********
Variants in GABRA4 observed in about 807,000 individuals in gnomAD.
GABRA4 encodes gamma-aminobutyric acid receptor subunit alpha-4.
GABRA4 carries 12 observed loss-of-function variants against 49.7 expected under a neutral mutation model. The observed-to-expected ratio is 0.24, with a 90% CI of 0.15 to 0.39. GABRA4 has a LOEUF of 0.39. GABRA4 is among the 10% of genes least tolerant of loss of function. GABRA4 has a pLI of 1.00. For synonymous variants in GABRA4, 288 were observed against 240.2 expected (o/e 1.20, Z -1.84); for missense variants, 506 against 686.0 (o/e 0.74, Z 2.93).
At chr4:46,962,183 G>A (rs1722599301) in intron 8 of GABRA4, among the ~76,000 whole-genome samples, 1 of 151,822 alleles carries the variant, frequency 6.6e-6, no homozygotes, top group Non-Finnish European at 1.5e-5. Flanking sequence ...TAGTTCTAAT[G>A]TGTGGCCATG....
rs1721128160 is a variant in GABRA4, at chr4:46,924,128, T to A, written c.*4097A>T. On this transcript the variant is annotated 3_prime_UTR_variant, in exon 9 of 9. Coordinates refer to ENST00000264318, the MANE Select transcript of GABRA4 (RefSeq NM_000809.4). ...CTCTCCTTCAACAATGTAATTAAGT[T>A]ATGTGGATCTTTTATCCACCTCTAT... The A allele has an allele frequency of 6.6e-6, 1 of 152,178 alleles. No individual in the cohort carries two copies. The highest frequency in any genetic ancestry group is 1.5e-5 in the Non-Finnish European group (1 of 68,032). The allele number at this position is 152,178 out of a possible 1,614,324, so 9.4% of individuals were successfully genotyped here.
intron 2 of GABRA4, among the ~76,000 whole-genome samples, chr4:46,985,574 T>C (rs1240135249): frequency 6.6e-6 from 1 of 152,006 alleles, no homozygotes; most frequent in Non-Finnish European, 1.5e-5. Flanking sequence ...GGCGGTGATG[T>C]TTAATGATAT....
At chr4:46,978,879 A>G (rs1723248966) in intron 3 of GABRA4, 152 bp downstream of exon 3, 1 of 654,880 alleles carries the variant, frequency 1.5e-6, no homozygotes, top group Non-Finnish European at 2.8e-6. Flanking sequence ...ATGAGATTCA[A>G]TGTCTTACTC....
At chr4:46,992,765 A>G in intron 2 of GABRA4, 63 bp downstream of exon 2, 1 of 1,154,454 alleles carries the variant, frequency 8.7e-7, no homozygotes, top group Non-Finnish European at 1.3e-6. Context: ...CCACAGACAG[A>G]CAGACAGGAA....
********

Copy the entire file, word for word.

Variants in GABRA4 observed in about 807,000 individuals in gnomAD.
GABRA4 encodes gamma-aminobutyric acid receptor subunit alpha-4.
GABRA4 carries 12 observed loss-of-function variants against 49.7 expected under a neutral mutation model. The observed-to-expected ratio is 0.24, with a 90% CI of 0.15 to 0.39. GABRA4 has a LOEUF of 0.39. GABRA4 is among the 10% of genes least tolerant of loss of function. GABRA4 has a pLI of 1.00. For synonymous variants in GABRA4, 288 were observed against 240.2 expected (o/e 1.20, Z -1.84); for missense variants, 506 against 686.0 (o/e 0.74, Z 2.93).
At chr4:46,962,183 G>A (rs1722599301) in intron 8 of GABRA4, among the ~76,000 whole-genome samples, 1 of 151,822 alleles carries the variant, frequency 6.6e-6, no homozygotes, top group Non-Finnish European at 1.5e-5. Flanking sequence ...TAGTTCTAAT[G>A]TGTGGCCATG....
rs1721128160 is a variant in GABRA4, at chr4:46,924,128, T to A, written c.*4097A>T. On this transcript the variant is annotated 3_prime_UTR_variant, in exon 9 of 9. Coordinates refer to ENST00000264318, the MANE Select transcript of GABRA4 (RefSeq NM_000809.4). ...CTCTCCTTCAACAATGTAATTAAGT[T>A]ATGTGGATCTTTTATCCACCTCTAT... The A allele has an allele frequency of 6.6e-6, 1 of 152,178 alleles. No individual in the cohort carries two copies. The highest frequency in any genetic ancestry group is 1.5e-5 in the Non-Finnish European group (1 of 68,032). The allele number at this position is 152,178 out of a possible 1,614,324, so 9.4% of individuals were successfully genotyped here.
intron 2 of GABRA4, among the ~76,000 whole-genome samples, chr4:46,985,574 T>C (rs1240135249): frequency 6.6e-6 from 1 of 152,006 alleles, no homozygotes; most frequent in Non-Finnish European, 1.5e-5. Flanking sequence ...GGCGGTGATG[T>C]TTAATGATAT....
At chr4:46,978,879 A>G (rs1723248966) in intron 3 of GABRA4, 152 bp downstream of exon 3, 1 of 654,880 alleles carries the variant, frequency 1.5e-6, no homozygotes, top group Non-Finnish European at 2.8e-6. Flanking sequence ...ATGAGATTCA[A>G]TGTCTTACTC....
At chr4:46,992,765 A>G in intron 2 of GABRA4, 63 bp downstream of exon 2, 1 of 1,154,454 alleles carries the variant, frequency 8.7e-7, no homozygotes, top group Non-Finnish European at 1.3e-6. Context: ...CCACAGACAG[A>G]CAGACAGGAA....